January. The month of adopting new habits in the hopes of reinventing yourself into the “new me.” Veganuary, RED January, Dry January, National Hobby Month and the list goes on. Whatever the challenges you choose or don’t choose, there’s always that one resolution you promise to yourself every new year. I’m hitting the gym, I’m going to get fit, nothing’s going to stop me (*ahem* until next month). Whilst, we won’t be visiting our local gyms anytime soon, that won’t stop a lot of you nor Chloe Ting or Joe Wicks for that matter. And as every wannabe gym buff who happens to also be a bra wearer knows, possessing a sports bra is an absolute must.
The humble sports bra. It’s more than just a giant flag for me to say, I’m looking cool, I’m looking fit, I’m out on a run. It actually has a function that is there to support your breasts during high impact activities. In fact, of all bras, for designers and bra fitters alike, it is probably the most difficult type of bra to get right.
Why? Here’s the thing, womxn have always participated in sports/athletics. In ancient Greek and Roman culture, sports played a massive part in their society. Roman womxn were also involved in athletics/acrobatics according to a mosaic originating from Sicily 4AD where a group of ladies are seen wearing a breast band made of cloth and leather.
Care for a bit of ball, Octavia?
During the Victorian era, the emphasis on wearing the right type of undergarment became even more vital in a time where wearing a corset was all the rage. But, in 1887 in Wimbledon’s Centre Court, these corsets were more reminiscent of a cage for the womxn tennis players. It became almost impossible to play with the corsets restricting the majority of their movements while cinching their waists to an inch of their lives. Eventually, a special bar was installed at the Centre Court above a stove in the locker room to hang the literally bloodied contraptions to dry.
Fast forward to 1977, here came the birth of the modern sports bra invented by Lisa Lindahl and Polly Smith in collaboration with designer and runner Hinda Miller. This bra was created by sewing two jockstraps together while the material brought “everything close to the body.”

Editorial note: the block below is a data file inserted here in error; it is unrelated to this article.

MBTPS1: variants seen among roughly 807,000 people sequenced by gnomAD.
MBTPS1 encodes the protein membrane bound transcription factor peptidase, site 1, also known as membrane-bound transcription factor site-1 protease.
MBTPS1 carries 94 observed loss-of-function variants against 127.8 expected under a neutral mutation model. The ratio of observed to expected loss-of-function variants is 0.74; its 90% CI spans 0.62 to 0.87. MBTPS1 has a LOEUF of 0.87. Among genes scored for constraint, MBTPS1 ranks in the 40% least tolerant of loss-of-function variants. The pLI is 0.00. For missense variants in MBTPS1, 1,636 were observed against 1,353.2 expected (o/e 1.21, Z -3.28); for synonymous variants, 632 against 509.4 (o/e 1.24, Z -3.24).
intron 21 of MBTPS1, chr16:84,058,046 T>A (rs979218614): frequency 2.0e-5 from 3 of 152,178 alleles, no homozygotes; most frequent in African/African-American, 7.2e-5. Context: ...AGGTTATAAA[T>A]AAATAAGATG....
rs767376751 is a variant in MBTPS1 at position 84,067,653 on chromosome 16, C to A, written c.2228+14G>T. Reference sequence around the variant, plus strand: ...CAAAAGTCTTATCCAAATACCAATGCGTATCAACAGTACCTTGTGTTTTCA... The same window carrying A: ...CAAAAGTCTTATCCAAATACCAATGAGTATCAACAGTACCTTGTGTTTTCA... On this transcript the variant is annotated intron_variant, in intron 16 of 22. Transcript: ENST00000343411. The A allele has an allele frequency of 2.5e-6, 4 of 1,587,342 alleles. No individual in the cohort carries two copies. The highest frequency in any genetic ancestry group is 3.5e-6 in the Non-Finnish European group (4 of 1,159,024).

Jockbra/Jogbra. Talk about upcycling and ingenuity...
Now, in 2021 we have a whole market dedicated to sports bras from brands like Nike, Under Armour, Lululemon and Adidas. Yet, after decades, we still cannot entirely solve the problem of the ill-fitting sports bra. Despite the variety on offer, finding the right sports bra is still hard. And the wrong sports bra can affect our performance, our participation in sports and our confidence exponentially.
Lindahl explains that the invention of the sports bra was instrumental in removing barriers to make sports tangible for all womxn. However, even after so long, the undergarment is still riddled with problems – with the largest being, its ability to support breasts during exercise.
What we are actually missing is diversity. It would not be surprising to find that the lingerie industry is still not inclusive of all. Sarah Carlson, former VP of Product Development and Design at Athleta reiterates, “The industry tends to have a one-size-fits-all [approach].” The reality remains that every individuals’ breasts differ depending on age, genetics, the environment, days, weeks, even months. The needs of someone with a HH cup is vastly different to that of someone who wears an A cup. Unfortunately, this isn’t addressed enough with a lot of sports bras still running in S, M, L, XL sizing.